Making sense of the 2001 Major League Baseball season is somewhat like reading "A Clockwork Orange." At first, you just don't get it, it's not written in English. The Yankees were far out of first place, and the Cubs, Twins and Phillies were significantly ahead in their divisions. As we keep reading, we begin to filter and translate what's going on. As of today, the Cubs, Twins and Phillies are still in first place, but their leads have shrunk and the Yankees have indeed returned to their perch atop the AL East. It is now at the season's midpoint that we completely understand why certain teams are where they are, and we have a better idea of where we are going. With that said, here are my Mid-Season Awards and Fearless Predictions.
NL MVP contenders: Lance Berkman (.355 AVG, 22 HR, 71 RBI), Barry Bonds (.299, 39, 71), Cliff Floyd (.337, 21, 69), Luis Gonzalez (.357, 34, 83) and Sammy Sosa (.307, 27, 76). Berkman and Floyd, who? They may not be household names but check their numbers and see that the Astros and Marlins are in the playoff hunt. If you don't know Sosa and Bonds, who are you? They've been stars for years now. Bonds is a sure-fire Hall-of-Famer, and Sosa is approaching that level.
NL MVP pretenders: Todd Helton (.320, 25, 82) and Larry Walker (.347, 25, 78). Both Rockies are incredible players with gaudy stats, but they have two problems. First, they play half their games in the thin Colorado air, where curve balls are as straight as an arrow. The second is that the Rockies are 38-44 in the NL West, 12 games out of first place and eight games out of the wild card.
NL MVP winner: Luis Gonzalez, Arizona Diamondbacks. The former Cub, former Astro, former fourth outfielder has turned himself into a slugger in his 30s. Bonds may sneak in and win, but he has to improve his RBI totals and the Giants have to get into the playoffs.
AL MVP contenders: Bret Boone (.328, 22, 82), Juan Gonzalez (.342, 21, 75), Manny Ramirez (.333, 25, 82) and Bernie Williams (.323, 14, 48). While Williams' numbers are not as good as the other three listed, he's in the mix, because after missing significant time in April and May, Bernie has been on a tear since returning. When he came back, his average was barely above .200 and dipped briefly thereafter, but look where he is now. Plus, the Yankees, sans Andy Pettitte, Orlando Hernandez and David Justice for significant time, are now back in first place in the AL East. Bret Boone has become an unlikely power source for the Mariners, and Juan Gonzalez has returned to MVP form after an off year last season. What can I say about Manny? After Edgar Martinez, he's the best pure hitter in the game.
AL MVP pretender: Alex Rodriguez (.317, 24, 69). A-Rod -- maybe Pay-Rod is more accurate -- is having another stellar year after joining the Rangers for ten years and $252 million. However, the Rangers sit at 32-50, 29 games out of first place in the AL West. Smart move leaving Seattle for Texas. Genius at work.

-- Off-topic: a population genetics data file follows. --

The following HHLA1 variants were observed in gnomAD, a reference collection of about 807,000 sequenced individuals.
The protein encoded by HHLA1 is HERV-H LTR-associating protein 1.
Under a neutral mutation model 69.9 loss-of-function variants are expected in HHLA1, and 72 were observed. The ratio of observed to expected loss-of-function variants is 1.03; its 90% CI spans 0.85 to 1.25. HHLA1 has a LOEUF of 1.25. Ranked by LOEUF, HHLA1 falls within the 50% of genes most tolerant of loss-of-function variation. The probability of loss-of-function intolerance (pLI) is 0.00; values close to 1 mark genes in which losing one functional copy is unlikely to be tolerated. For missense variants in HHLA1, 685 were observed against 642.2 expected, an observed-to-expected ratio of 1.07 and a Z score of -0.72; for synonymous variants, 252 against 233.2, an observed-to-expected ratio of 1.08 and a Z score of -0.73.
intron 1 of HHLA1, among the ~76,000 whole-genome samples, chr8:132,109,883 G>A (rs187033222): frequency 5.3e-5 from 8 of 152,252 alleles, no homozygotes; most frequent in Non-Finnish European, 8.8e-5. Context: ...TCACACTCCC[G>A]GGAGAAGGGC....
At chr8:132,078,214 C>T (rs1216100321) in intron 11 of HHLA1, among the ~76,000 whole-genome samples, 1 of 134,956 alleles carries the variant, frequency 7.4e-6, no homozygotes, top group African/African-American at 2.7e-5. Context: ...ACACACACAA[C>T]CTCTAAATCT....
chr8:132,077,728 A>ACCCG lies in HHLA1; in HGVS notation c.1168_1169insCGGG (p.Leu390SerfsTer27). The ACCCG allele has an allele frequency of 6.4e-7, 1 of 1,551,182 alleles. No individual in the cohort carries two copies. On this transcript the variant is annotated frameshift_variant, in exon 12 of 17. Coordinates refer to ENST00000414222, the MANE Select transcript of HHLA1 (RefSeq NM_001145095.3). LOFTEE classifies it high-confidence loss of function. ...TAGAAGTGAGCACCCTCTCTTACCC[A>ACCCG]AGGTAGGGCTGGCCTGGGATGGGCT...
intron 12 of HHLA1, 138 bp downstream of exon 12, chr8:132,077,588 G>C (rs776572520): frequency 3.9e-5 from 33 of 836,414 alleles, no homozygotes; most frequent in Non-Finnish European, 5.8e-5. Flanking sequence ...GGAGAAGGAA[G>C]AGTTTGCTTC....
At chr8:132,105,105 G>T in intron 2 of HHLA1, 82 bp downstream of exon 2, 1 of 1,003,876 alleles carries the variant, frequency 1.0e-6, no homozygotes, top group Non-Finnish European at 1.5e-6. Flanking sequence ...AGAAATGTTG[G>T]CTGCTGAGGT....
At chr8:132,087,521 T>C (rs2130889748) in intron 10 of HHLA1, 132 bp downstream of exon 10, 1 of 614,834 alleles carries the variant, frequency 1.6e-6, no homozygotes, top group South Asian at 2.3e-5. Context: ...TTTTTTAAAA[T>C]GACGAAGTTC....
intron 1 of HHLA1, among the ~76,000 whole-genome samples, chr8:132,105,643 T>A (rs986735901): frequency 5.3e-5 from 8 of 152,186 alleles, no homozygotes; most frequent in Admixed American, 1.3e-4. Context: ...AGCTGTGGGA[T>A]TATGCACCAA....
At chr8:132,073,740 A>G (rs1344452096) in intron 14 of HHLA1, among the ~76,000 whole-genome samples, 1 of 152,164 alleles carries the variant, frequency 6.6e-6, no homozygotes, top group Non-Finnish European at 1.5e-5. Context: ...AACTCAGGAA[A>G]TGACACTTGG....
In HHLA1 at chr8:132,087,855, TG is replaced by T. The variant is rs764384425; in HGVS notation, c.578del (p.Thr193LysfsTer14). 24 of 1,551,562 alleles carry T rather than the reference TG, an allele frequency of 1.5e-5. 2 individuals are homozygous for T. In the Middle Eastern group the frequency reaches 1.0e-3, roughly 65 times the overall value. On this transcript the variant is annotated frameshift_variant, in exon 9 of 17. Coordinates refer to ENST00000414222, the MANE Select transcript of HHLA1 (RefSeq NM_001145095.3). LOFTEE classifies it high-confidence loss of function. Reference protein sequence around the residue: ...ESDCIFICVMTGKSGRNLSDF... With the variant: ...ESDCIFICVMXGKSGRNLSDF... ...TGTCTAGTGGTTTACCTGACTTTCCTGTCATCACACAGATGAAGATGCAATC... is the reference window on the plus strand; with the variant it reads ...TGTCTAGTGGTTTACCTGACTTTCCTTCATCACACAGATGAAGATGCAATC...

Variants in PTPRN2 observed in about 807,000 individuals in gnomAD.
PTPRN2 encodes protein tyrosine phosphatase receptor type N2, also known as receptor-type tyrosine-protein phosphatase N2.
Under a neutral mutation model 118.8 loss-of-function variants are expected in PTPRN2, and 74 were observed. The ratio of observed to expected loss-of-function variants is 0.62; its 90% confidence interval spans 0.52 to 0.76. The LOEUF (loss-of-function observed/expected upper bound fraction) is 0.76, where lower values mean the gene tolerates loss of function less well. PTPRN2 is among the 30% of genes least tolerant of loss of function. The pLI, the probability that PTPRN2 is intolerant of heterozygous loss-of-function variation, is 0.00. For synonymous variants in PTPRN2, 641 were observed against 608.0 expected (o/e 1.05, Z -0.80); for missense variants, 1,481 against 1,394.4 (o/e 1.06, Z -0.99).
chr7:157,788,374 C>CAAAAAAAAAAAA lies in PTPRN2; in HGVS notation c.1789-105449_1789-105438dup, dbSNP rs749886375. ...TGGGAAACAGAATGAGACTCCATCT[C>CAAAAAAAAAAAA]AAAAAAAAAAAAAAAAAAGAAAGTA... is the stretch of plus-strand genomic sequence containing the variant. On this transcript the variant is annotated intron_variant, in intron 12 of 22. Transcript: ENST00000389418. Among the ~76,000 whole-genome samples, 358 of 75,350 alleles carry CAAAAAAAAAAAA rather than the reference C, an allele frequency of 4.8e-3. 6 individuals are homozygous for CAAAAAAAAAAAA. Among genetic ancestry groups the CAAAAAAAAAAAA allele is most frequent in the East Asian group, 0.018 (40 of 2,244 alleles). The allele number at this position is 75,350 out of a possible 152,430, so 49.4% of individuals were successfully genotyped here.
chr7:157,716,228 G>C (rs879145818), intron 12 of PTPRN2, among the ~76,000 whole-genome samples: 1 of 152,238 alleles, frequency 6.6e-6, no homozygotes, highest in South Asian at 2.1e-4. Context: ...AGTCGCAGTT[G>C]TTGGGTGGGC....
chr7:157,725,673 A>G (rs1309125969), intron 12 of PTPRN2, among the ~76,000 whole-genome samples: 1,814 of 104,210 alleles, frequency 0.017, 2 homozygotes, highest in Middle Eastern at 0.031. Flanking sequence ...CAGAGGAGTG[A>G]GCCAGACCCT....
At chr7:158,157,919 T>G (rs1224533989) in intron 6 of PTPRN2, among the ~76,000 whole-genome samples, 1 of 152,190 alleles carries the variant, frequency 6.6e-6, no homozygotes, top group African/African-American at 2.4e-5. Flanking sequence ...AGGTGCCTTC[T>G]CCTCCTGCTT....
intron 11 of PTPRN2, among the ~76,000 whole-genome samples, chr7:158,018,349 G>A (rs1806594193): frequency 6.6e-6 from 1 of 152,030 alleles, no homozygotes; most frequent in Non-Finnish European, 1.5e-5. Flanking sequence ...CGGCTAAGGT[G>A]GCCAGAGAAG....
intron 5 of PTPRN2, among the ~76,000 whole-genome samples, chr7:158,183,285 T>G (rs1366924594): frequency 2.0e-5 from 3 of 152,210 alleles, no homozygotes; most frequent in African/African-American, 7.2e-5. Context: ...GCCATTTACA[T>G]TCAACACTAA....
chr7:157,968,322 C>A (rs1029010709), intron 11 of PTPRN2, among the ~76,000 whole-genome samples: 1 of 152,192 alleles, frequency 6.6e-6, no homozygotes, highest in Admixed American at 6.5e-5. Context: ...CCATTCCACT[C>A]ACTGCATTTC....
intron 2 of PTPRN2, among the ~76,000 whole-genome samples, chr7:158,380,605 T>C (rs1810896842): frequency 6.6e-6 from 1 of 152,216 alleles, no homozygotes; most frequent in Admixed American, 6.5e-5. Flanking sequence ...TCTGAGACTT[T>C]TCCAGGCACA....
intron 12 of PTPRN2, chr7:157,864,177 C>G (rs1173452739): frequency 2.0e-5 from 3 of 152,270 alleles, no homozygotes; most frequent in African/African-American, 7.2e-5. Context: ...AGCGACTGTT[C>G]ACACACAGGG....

AL MVP winner: Manny Ramirez, Boston Red Sox. With respect to Boone, he does have Edgar Martinez and John Olerud in the lineup. Ramirez, on the other hand, has earned his $20 million per-season in Boston. With the volatile Carl Everett potentially flaking out any day, Pedro Martinez' on-again, off-again injuries, and without Nomar Garciaparra out of the lineup, Manny has kept the Bo Sox afloat until Nomar and Pedro come back healthy.
The droughts: Cub fans and Red Sox fans alike have been waiting a long time for that next World Series championship. The Cubs will trade for a hitter to back up Sammy Sosa, and Nomar and Pedro will return and perform for the Sox. Both teams will stay in the playoff hunt but neither will have enough to win it all.
Homerun chase: Barry Bonds says he's not thinking about hitting 71. Yeah, right. I guess he doesn't understand what it means when 100 reporters ask him every day, "Do you think you're going to break the record?" Don't insult our intelligence, Barry: you're thinking about it. By the way, Bonds will not break McGwire's record. He will continue his incredible year, but the self-described "line-drive hitter" will see more balls hitting the wall than he has so far.
NL Playoff teams: Atlanta, Chicago, Houston and Arizona. Philadelphia will fade and the Braves will once again claim the NL East only to lose to the Cubs in the Divisional Series. The Diamondbacks will knock off the Astros and then the Cubs en route to the World Series. The Braves and Cubs just do not have enough offense to offset facing Randy Johnson and Curt Schilling back to back once, probably twice in a series.
AL Playoff Teams: New York, Boston, Cleveland and Seattle. It's a shame the Indians will pass the Twinkies in the Central. Kelly's crew is not experienced enough and has a horrific bullpen. If there's one thing I have learned about the Yankees, it is never, ever underestimate them. For the fifth time in the last six years, the Yankees will represent the American League in the World Series.
World Series: Yankees over Diamondbacks. While the D-Backs have two aces in Schilling and Johnson, the Yankees have four in Clemens, Andy Pettitte, Mike Mussina and Orlando Hernandez. By my math, four is always better than two.